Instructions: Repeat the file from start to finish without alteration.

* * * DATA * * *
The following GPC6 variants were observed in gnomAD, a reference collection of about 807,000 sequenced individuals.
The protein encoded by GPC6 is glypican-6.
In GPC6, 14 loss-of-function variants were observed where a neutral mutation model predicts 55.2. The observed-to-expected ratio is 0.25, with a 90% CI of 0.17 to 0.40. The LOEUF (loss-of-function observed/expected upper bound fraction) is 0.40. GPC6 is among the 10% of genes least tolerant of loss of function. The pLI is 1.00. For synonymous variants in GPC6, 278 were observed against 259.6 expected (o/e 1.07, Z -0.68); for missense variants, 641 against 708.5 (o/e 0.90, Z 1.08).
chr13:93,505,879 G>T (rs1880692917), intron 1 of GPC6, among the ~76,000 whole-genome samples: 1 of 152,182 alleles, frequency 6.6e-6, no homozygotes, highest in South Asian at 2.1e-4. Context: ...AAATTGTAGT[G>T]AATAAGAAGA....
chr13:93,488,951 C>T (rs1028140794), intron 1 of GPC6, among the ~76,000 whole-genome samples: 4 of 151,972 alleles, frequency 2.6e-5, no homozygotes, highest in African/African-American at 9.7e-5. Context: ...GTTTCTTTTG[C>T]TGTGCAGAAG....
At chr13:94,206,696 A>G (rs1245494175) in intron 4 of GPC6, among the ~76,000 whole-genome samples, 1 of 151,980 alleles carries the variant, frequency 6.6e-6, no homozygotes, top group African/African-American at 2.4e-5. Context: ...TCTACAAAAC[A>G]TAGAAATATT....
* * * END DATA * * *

The following GPC6 variants were observed in gnomAD, a reference collection of about 807,000 sequenced individuals.
The protein encoded by GPC6 is glypican-6.
In GPC6, 14 loss-of-function variants were observed where a neutral mutation model predicts 55.2. The observed-to-expected ratio is 0.25, with a 90% CI of 0.17 to 0.40. The LOEUF (loss-of-function observed/expected upper bound fraction) is 0.40. GPC6 is among the 10% of genes least tolerant of loss of function. The pLI is 1.00. For synonymous variants in GPC6, 278 were observed against 259.6 expected (o/e 1.07, Z -0.68); for missense variants, 641 against 708.5 (o/e 0.90, Z 1.08).
chr13:93,505,879 G>T (rs1880692917), intron 1 of GPC6, among the ~76,000 whole-genome samples: 1 of 152,182 alleles, frequency 6.6e-6, no homozygotes, highest in South Asian at 2.1e-4. Context: ...AAATTGTAGT[G>T]AATAAGAAGA....
chr13:93,488,951 C>T (rs1028140794), intron 1 of GPC6, among the ~76,000 whole-genome samples: 4 of 151,972 alleles, frequency 2.6e-5, no homozygotes, highest in African/African-American at 9.7e-5. Context: ...GTTTCTTTTG[C>T]TGTGCAGAAG....
At chr13:94,206,696 A>G (rs1245494175) in intron 4 of GPC6, among the ~76,000 whole-genome samples, 1 of 151,980 alleles carries the variant, frequency 6.6e-6, no homozygotes, top group African/African-American at 2.4e-5. Context: ...TCTACAAAAC[A>G]TAGAAATATT....